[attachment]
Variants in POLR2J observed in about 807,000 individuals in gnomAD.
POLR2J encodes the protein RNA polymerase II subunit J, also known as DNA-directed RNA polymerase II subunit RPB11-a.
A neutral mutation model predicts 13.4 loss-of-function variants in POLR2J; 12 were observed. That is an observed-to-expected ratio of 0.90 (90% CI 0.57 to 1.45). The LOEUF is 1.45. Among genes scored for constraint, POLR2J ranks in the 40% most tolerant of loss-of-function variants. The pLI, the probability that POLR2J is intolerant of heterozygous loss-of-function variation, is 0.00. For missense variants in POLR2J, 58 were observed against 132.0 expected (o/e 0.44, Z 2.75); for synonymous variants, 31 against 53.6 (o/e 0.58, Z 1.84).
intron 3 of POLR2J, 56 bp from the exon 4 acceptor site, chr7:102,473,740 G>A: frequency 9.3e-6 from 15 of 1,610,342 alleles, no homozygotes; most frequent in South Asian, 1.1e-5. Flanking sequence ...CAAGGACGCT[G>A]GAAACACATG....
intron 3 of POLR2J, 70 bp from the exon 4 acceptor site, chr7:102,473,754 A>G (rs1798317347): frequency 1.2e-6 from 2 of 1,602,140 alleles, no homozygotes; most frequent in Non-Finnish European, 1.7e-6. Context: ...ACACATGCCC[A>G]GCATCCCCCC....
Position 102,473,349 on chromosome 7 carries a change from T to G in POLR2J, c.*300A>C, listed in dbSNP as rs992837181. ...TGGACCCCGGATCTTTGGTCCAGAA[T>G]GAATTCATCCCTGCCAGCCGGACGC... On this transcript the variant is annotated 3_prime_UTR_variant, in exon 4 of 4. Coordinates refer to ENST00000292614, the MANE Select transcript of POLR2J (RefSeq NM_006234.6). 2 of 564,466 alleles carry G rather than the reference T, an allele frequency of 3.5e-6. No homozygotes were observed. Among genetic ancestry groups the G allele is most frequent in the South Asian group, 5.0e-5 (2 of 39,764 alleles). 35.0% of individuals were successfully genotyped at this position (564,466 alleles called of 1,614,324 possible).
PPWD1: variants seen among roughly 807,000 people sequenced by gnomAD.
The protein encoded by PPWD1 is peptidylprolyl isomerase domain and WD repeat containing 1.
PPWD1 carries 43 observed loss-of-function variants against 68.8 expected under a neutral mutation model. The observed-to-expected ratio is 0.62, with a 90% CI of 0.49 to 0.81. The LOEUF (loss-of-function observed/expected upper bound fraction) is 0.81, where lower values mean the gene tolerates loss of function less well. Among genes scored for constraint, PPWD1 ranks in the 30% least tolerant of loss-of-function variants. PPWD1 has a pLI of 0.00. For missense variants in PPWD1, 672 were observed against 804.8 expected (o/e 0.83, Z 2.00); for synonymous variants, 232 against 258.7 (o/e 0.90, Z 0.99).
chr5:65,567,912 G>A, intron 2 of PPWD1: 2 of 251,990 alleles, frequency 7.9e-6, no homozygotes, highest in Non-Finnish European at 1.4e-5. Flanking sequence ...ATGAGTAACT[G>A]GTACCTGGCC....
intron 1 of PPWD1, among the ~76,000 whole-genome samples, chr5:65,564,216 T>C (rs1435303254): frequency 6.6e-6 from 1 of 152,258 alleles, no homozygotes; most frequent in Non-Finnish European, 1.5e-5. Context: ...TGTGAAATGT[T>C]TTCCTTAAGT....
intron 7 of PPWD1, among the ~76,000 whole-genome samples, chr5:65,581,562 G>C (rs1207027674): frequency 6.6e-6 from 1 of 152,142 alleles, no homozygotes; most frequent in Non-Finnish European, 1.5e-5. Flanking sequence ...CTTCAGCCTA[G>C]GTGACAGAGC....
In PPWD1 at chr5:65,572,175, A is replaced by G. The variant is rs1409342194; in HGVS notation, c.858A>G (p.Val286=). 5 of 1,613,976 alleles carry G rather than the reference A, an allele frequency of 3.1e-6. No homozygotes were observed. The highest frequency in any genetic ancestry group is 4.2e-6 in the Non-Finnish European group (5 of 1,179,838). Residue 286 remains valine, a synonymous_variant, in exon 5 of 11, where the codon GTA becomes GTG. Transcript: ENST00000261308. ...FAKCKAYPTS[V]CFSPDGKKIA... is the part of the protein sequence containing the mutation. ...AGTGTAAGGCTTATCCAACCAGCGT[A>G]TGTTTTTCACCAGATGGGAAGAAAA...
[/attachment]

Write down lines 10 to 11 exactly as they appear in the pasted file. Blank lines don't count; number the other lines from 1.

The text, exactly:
chr5:65,567,912 G>A, intron 2 of PPWD1: 2 of 251,990 alleles, frequency 7.9e-6, no homozygotes, highest in Non-Finnish European at 1.4e-5. Flanking sequence ...ATGAGTAACT[G>A]GTACCTGGCC....
intron 1 of PPWD1, among the ~76,000 whole-genome samples, chr5:65,564,216 T>C (rs1435303254): frequency 6.6e-6 from 1 of 152,258 alleles, no homozygotes; most frequent in Non-Finnish European, 1.5e-5. Context: ...TGTGAAATGT[T>C]TTCCTTAAGT....